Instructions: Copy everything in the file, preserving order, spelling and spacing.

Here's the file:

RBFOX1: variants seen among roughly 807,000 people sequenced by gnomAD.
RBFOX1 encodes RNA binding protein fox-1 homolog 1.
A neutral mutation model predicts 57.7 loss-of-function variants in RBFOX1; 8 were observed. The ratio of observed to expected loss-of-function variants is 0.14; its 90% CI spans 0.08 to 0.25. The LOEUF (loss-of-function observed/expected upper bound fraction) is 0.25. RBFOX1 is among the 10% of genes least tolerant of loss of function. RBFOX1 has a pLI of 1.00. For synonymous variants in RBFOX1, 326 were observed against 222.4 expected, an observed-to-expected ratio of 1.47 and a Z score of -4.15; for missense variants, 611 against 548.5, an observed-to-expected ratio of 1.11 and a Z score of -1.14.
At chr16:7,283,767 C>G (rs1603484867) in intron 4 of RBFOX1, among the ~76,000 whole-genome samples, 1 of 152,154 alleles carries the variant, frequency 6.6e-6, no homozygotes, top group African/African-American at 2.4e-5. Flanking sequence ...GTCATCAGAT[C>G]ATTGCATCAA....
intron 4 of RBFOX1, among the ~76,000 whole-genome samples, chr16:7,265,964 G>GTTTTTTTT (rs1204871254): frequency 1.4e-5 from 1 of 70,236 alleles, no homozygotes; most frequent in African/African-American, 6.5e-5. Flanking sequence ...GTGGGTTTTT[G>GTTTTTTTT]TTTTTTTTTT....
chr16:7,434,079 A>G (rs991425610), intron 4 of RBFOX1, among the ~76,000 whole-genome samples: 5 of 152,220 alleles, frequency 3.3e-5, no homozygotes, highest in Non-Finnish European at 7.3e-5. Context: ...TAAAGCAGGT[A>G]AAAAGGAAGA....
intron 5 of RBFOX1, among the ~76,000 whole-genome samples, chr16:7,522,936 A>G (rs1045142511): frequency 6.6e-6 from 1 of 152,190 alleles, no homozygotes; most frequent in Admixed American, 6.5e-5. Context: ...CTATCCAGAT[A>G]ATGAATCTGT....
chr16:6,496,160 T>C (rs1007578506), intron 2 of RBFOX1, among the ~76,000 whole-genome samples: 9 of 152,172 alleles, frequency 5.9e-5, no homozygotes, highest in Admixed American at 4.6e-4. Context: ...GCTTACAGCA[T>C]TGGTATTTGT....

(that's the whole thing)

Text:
RBFOX1: variants seen among roughly 807,000 people sequenced by gnomAD.
RBFOX1 encodes RNA binding protein fox-1 homolog 1.
A neutral mutation model predicts 57.7 loss-of-function variants in RBFOX1; 8 were observed. The ratio of observed to expected loss-of-function variants is 0.14; its 90% CI spans 0.08 to 0.25. The LOEUF (loss-of-function observed/expected upper bound fraction) is 0.25. RBFOX1 is among the 10% of genes least tolerant of loss of function. RBFOX1 has a pLI of 1.00. For synonymous variants in RBFOX1, 326 were observed against 222.4 expected, an observed-to-expected ratio of 1.47 and a Z score of -4.15; for missense variants, 611 against 548.5, an observed-to-expected ratio of 1.11 and a Z score of -1.14.
At chr16:7,283,767 C>G (rs1603484867) in intron 4 of RBFOX1, among the ~76,000 whole-genome samples, 1 of 152,154 alleles carries the variant, frequency 6.6e-6, no homozygotes, top group African/African-American at 2.4e-5. Flanking sequence ...GTCATCAGAT[C>G]ATTGCATCAA....
intron 4 of RBFOX1, among the ~76,000 whole-genome samples, chr16:7,265,964 G>GTTTTTTTT (rs1204871254): frequency 1.4e-5 from 1 of 70,236 alleles, no homozygotes; most frequent in African/African-American, 6.5e-5. Flanking sequence ...GTGGGTTTTT[G>GTTTTTTTT]TTTTTTTTTT....
chr16:7,434,079 A>G (rs991425610), intron 4 of RBFOX1, among the ~76,000 whole-genome samples: 5 of 152,220 alleles, frequency 3.3e-5, no homozygotes, highest in Non-Finnish European at 7.3e-5. Context: ...TAAAGCAGGT[A>G]AAAAGGAAGA....
intron 5 of RBFOX1, among the ~76,000 whole-genome samples, chr16:7,522,936 A>G (rs1045142511): frequency 6.6e-6 from 1 of 152,190 alleles, no homozygotes; most frequent in Admixed American, 6.5e-5. Context: ...CTATCCAGAT[A>G]ATGAATCTGT....
chr16:6,496,160 T>C (rs1007578506), intron 2 of RBFOX1, among the ~76,000 whole-genome samples: 9 of 152,172 alleles, frequency 5.9e-5, no homozygotes, highest in Admixed American at 4.6e-4. Context: ...GCTTACAGCA[T>C]TGGTATTTGT....